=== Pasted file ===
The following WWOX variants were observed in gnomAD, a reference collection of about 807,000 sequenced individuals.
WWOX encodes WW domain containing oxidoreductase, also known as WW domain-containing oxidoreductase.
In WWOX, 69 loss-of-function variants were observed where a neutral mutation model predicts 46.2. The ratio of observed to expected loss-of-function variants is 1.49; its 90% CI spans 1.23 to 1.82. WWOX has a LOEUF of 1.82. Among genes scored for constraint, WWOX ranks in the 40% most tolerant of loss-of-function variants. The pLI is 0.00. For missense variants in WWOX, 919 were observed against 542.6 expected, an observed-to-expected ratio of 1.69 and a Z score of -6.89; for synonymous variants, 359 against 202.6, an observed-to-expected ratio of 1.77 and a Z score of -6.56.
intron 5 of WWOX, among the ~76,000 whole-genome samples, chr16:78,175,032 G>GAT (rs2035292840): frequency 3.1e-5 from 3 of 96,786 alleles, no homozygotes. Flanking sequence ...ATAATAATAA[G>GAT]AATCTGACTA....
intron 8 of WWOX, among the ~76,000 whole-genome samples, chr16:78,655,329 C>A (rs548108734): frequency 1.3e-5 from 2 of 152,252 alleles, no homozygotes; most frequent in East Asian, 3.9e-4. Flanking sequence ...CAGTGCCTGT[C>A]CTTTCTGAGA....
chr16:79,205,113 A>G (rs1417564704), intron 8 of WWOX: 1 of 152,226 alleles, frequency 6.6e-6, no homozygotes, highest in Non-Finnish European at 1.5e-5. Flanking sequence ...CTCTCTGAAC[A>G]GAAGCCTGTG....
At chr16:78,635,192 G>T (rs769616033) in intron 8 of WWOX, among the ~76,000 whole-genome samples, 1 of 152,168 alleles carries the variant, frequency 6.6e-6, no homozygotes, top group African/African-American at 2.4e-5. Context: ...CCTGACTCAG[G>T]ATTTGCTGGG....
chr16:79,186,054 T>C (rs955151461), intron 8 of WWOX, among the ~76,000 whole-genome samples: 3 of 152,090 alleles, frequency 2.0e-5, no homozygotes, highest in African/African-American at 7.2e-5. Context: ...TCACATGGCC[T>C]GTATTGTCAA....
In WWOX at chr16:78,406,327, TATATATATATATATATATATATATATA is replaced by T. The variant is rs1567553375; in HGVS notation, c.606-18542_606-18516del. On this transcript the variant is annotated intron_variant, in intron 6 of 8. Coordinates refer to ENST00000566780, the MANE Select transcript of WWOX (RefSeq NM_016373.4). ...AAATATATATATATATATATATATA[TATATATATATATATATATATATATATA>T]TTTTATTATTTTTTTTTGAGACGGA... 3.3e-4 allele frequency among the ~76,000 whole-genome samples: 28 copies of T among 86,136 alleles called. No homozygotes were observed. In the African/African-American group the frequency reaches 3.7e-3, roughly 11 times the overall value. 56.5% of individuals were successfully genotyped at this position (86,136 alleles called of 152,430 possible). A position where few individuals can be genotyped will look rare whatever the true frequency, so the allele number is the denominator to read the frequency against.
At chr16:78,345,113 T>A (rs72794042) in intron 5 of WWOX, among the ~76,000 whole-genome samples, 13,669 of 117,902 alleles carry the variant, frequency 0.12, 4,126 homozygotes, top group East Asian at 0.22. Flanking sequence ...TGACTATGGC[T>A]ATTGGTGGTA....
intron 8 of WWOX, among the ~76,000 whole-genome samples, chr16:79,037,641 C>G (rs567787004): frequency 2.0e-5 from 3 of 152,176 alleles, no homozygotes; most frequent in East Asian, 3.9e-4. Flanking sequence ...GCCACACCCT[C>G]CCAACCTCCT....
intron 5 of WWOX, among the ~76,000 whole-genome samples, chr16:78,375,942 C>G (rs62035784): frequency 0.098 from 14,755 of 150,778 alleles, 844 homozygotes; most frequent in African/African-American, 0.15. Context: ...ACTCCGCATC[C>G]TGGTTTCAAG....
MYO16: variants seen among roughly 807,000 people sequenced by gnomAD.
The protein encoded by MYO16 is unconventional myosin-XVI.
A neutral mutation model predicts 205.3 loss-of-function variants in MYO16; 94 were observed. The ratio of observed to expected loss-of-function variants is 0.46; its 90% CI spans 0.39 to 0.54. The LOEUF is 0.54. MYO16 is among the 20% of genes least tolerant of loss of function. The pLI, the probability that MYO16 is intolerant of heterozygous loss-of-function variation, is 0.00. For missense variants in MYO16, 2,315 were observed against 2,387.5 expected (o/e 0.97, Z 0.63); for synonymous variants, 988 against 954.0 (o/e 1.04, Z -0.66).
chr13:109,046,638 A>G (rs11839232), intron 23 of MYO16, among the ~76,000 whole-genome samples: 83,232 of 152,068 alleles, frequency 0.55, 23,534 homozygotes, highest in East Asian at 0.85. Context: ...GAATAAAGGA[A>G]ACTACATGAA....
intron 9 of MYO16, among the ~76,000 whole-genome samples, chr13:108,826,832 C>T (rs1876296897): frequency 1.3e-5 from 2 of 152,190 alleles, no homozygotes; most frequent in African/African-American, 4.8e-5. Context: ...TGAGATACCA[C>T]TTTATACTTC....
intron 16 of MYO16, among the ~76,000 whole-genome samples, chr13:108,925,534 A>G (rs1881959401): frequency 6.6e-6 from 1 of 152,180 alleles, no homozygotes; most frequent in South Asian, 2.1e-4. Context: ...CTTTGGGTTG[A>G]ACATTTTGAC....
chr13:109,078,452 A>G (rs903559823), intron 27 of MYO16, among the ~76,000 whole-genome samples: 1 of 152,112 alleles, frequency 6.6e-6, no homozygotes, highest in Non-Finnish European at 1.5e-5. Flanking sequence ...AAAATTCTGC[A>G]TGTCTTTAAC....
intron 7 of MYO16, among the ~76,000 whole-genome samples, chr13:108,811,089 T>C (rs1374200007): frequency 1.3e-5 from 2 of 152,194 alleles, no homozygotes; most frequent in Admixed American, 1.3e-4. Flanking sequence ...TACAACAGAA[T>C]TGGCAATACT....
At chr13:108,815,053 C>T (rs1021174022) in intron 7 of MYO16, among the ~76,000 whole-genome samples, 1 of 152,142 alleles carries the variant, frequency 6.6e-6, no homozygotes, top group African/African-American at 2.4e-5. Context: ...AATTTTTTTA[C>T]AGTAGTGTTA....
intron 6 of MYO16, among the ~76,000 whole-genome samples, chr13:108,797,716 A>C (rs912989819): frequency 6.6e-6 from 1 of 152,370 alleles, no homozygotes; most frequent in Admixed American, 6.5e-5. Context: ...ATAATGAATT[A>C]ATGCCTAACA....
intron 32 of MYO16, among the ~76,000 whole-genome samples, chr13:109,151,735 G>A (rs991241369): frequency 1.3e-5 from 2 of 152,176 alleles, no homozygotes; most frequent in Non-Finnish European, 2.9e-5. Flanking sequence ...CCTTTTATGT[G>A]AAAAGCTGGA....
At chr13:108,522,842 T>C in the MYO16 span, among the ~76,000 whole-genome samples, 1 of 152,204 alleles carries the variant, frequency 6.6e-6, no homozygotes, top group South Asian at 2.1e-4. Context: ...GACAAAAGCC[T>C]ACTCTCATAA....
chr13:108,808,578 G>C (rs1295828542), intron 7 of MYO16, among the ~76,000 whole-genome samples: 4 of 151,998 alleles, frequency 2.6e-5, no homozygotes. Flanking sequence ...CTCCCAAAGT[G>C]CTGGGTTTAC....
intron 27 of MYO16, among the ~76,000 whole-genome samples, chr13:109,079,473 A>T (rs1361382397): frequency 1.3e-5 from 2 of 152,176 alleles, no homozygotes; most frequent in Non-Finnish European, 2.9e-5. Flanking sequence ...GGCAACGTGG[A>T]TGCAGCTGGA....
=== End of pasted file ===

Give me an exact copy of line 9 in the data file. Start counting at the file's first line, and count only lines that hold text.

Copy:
In WWOX at chr16:78,406,327, TATATATATATATATATATATATATATA is replaced by T. The variant is rs1567553375; in HGVS notation, c.606-18542_606-18516del. On this transcript the variant is annotated intron_variant, in intron 6 of 8. Coordinates refer to ENST00000566780, the MANE Select transcript of WWOX (RefSeq NM_016373.4). ...AAATATATATATATATATATATATA[TATATATATATATATATATATATATATA>T]TTTTATTATTTTTTTTTGAGACGGA... 3.3e-4 allele frequency among the ~76,000 whole-genome samples: 28 copies of T among 86,136 alleles called. No homozygotes were observed. In the African/African-American group the frequency reaches 3.7e-3, roughly 11 times the overall value. 56.5% of individuals were successfully genotyped at this position (86,136 alleles called of 152,430 possible). A position where few individuals can be genotyped will look rare whatever the true frequency, so the allele number is the denominator to read the frequency against.